Last edited by Cameron SS; November 14th, 2014 at 16:39..
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Old November 14th, 2014, 16:40   #26
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Originally Posted by Skeletor View Post
If it's just a blanket 214 fps rule, couldn't BBBastards or someone like that make .9g ammo or something like that that would show the guns shooting under that limit for legal purposes? (If it did come to something like this, that is. This all looks pretty overblown to me).

It makes no sense without reference to energy or weight of projectile.
No one ever said the law has to make sense.
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Old November 14th, 2014, 18:05   #27
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Quote:
Originally Posted by Cameron SS View Post

---1---

...Note the lack of reference to centre-fire ammo. It simply says cartridge of the type for which it was designed. If it was designed to hold Airsoft Pellets, and it is designed for use in a full auto firearm, it is limited to five rounds. Yes there is an exemption for rimfires, but that obviously doesn't affect Airsoft.

Just for reference purposes, Section 84 of the criminal code defines both "ammunition" and "cartridge magazine". http://laws-lois.justice.gc.ca/eng/a...e-42.html#h-38

“ammunition” means a cartridge containing a projectile designed to be discharged from a firearm and, without restricting the generality of the foregoing, includes a caseless cartridge and a shot shell;

“cartridge magazine” means a device or container from which ammunition may be fed into the firing chamber of a firearm;

Again, no reference to centre-fire/rimfire. Airsoft guns discharge projectiles, and have chambers, there both of the above definitions easily apply to Airsoft guns...

---2---

...I am admittedly unfamiliar with airsoft, but quite familiar with the law, particularly the criminal code and firearms law...

---3---

...This is not misinformation...


Clipping my personal observations on content.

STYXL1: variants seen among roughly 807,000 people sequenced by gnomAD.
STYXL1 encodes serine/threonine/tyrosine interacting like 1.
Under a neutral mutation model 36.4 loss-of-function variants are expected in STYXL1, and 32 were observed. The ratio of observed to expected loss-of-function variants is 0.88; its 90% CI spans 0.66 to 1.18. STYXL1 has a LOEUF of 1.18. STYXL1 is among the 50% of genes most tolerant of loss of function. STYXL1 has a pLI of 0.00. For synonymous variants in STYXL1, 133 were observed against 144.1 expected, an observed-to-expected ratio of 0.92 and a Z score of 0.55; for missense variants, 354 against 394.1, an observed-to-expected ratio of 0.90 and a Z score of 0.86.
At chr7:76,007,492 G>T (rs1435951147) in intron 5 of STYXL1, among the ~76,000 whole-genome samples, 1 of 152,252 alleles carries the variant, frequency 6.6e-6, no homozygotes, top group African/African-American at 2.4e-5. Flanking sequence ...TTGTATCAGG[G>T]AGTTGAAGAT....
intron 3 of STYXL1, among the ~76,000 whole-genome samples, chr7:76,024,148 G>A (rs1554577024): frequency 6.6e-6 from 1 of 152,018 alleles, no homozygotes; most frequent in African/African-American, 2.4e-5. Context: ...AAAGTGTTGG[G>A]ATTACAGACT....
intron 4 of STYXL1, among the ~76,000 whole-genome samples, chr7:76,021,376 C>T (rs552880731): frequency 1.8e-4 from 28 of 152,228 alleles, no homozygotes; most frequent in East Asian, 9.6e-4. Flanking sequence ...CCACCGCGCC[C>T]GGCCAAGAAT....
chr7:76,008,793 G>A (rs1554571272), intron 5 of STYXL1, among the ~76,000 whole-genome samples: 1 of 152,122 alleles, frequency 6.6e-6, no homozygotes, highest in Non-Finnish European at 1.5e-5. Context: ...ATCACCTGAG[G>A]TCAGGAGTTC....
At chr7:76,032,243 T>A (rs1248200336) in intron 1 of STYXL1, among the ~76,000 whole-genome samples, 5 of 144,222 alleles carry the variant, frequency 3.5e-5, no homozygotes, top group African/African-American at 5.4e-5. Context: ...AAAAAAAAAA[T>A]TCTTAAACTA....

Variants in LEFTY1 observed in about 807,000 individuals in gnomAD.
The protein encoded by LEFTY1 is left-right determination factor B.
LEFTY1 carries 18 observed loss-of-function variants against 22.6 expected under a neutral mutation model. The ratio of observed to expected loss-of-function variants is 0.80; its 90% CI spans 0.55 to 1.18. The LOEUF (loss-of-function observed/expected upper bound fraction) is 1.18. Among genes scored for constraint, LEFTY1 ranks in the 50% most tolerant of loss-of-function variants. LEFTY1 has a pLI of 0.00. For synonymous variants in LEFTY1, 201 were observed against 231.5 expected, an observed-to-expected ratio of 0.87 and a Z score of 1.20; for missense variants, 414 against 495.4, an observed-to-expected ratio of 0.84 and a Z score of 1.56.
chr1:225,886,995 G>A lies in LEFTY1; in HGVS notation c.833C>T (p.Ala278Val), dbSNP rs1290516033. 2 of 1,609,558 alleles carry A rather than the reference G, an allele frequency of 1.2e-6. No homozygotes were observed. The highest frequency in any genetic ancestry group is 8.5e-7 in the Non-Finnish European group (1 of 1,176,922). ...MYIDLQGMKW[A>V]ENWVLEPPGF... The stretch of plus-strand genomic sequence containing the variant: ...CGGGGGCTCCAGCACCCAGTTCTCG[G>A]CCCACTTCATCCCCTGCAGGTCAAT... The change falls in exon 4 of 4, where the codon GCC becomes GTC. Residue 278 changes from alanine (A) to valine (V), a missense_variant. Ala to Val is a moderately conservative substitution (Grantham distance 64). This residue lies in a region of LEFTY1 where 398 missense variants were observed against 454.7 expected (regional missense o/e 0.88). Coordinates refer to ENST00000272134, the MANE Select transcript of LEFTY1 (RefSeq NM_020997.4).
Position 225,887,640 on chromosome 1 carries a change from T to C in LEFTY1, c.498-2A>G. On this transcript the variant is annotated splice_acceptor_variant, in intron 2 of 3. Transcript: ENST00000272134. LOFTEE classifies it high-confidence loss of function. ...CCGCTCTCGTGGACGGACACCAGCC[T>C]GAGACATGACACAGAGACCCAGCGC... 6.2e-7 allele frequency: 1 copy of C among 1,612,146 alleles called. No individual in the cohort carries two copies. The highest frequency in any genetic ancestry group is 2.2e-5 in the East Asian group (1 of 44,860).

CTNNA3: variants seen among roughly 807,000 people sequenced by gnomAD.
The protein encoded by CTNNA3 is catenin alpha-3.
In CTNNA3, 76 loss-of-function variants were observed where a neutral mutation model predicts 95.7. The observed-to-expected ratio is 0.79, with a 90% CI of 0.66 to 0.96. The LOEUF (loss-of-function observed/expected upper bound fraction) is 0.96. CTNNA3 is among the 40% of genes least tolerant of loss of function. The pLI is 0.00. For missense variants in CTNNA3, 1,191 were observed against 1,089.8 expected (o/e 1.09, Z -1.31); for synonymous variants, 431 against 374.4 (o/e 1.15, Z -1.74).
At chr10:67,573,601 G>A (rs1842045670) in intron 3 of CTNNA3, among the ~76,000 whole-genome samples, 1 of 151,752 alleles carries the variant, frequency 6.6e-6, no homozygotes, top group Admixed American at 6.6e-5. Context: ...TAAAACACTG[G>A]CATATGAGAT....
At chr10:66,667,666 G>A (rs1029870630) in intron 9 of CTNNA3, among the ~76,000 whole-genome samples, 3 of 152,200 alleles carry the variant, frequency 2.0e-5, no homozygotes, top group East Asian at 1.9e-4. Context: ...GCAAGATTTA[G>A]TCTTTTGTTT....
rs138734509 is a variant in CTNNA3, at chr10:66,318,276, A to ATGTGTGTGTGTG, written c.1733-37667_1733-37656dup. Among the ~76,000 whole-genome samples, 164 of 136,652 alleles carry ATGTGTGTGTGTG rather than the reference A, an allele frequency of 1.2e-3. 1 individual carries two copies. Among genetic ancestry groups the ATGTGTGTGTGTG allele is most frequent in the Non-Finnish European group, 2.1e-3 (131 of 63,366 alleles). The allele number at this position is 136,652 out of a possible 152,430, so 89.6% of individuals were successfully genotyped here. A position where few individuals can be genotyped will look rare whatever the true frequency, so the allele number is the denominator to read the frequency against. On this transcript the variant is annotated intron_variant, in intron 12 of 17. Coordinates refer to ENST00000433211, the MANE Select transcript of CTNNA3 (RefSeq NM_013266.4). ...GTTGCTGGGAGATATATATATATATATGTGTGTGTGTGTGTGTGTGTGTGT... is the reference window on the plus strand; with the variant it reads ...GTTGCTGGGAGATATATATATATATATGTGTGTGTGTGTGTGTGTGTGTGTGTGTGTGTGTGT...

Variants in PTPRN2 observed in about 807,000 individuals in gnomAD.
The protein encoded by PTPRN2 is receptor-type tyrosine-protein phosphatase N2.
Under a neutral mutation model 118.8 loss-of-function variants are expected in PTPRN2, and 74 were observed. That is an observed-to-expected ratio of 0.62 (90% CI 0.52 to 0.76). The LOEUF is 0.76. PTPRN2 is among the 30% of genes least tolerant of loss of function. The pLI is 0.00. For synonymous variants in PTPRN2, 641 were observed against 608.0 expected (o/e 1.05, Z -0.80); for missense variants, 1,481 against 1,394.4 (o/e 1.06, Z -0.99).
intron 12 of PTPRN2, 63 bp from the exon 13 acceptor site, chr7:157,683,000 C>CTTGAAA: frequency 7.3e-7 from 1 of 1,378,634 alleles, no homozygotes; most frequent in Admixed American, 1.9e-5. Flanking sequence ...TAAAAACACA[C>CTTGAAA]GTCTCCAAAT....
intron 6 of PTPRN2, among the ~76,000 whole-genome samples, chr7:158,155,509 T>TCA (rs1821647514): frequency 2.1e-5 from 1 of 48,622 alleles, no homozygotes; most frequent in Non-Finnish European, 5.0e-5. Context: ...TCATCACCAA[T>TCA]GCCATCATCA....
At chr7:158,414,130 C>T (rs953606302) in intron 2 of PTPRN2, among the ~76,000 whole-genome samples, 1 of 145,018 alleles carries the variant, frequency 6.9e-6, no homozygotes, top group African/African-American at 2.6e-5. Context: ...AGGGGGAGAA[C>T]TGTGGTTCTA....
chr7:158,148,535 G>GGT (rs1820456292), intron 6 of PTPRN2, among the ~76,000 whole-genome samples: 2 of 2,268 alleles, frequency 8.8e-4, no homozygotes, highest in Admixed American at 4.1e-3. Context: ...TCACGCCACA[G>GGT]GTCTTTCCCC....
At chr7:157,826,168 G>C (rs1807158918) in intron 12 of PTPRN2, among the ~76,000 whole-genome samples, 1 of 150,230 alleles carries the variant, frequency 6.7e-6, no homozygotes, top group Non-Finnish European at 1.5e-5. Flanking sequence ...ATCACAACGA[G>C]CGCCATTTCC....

1: Airsoft guns do not operate on a cartridge-based system. Unless, of course, you counted the (Airsoft) magazine as the 'cartridge' in this interpretation (a huge and absurd stretch), and the user's load bearing equipment as the 'magazine' (ditto).

2: (see article [1]) That much is true.

3: Within the context of this deteriorating argument, it's fall-back position resting on pedantics, and your own admitted ignorance of the subject of this argument, yes, it is.
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Old November 14th, 2014, 18:16   #28
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Quote:
Originally Posted by Cameron SS View Post
Quote:
Originally Posted by Drake View Post
While the parameters set out for airguns may not have changed, the interpretation for what is a FIREARM under the law HAS changed, and if an airsoft gun shoots in excess of 214 fps, it is considered a FIREARM, and any airsoft parameters for things that are NOT firearms no longer apply[/B]

Not according to the CCC.
Section 99 of the Criminal Code.
99. (1) Every person commits an offence who
(a) manufactures or transfers, whether or not for consideration, or
(b) offers to do anything referred to in paragraph (a) in respect of
a firearm, a prohibited weapon, a restricted weapon, a prohibited device, any ammunition or any prohibited ammunition knowing that the person is not authorized to do so under the Firearms Act or any other Act of Parliament or any regulations made under any Act of Parliament.
Again, read the CCC properly.

Quote:
(3) For the purposes of sections 91 to 95, 99 to 101, 103 to 107 and 117.03 of this Act and the provisions of the Firearms Act, the following weapons are deemed not to be firearms:
[...]

(d) any other barrelled weapon, where it is proved that the weapon is not designed or adapted to discharge
(i) a shot, bullet or other projectile at a muzzle velocity exceeding 152.4 m per second or at a muzzle energy exceeding 5.7 Joules, or

(ii) a shot, bullet or other projectile that is designed or adapted to attain a velocity exceeding 152.4 m per second or an energy exceeding 5.7 Joules.
Section 99 does not apply. Period.



Quote:
No, they are not. As quoted in the other thread, the CCC specifically identifies parameters for low power airguns (including airsoft which are not considered to be Replica Firearms) which are exempt from the Firearms Act (which covers storage, transportation, etc).
Again, no.

That is why what the Supreme Court of Canada has ruled by supporting the ONCA ruling is so important. If the airsoft gun shoots faster than 214 fps, it is a firearm. Less than 214 fps, and the rules for airsoft guns not deemed replicas applies.

What you're repeatedly failing to grasp is that airsoft guns which aren't replica, that is that fire above 366fps with 0.2g projectiles, were already "firearms" since 2012, in the same sense that pellet guns were firearms.